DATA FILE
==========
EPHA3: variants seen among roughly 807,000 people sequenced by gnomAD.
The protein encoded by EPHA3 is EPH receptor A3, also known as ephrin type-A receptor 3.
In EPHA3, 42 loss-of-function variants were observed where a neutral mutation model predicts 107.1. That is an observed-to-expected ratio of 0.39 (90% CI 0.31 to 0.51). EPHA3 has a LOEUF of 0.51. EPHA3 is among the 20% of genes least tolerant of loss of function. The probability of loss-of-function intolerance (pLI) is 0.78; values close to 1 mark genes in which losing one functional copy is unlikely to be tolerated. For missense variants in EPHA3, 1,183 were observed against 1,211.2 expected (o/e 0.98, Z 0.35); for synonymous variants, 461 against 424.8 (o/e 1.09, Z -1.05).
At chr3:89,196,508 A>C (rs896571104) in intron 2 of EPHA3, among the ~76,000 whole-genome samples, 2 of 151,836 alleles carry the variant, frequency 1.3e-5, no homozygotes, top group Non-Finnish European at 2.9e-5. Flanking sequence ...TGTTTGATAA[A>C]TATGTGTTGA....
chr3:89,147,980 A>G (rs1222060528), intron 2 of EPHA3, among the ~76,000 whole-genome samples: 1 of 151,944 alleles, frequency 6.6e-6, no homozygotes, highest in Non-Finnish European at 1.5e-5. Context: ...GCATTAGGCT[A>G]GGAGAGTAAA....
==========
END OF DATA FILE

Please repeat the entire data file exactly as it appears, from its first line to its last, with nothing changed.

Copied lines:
EPHA3: variants seen among roughly 807,000 people sequenced by gnomAD.
The protein encoded by EPHA3 is EPH receptor A3, also known as ephrin type-A receptor 3.
In EPHA3, 42 loss-of-function variants were observed where a neutral mutation model predicts 107.1. That is an observed-to-expected ratio of 0.39 (90% CI 0.31 to 0.51). EPHA3 has a LOEUF of 0.51. EPHA3 is among the 20% of genes least tolerant of loss of function. The probability of loss-of-function intolerance (pLI) is 0.78; values close to 1 mark genes in which losing one functional copy is unlikely to be tolerated. For missense variants in EPHA3, 1,183 were observed against 1,211.2 expected (o/e 0.98, Z 0.35); for synonymous variants, 461 against 424.8 (o/e 1.09, Z -1.05).
At chr3:89,196,508 A>C (rs896571104) in intron 2 of EPHA3, among the ~76,000 whole-genome samples, 2 of 151,836 alleles carry the variant, frequency 1.3e-5, no homozygotes, top group Non-Finnish European at 2.9e-5. Flanking sequence ...TGTTTGATAA[A>C]TATGTGTTGA....
chr3:89,147,980 A>G (rs1222060528), intron 2 of EPHA3, among the ~76,000 whole-genome samples: 1 of 151,944 alleles, frequency 6.6e-6, no homozygotes, highest in Non-Finnish European at 1.5e-5. Context: ...GCATTAGGCT[A>G]GGAGAGTAAA....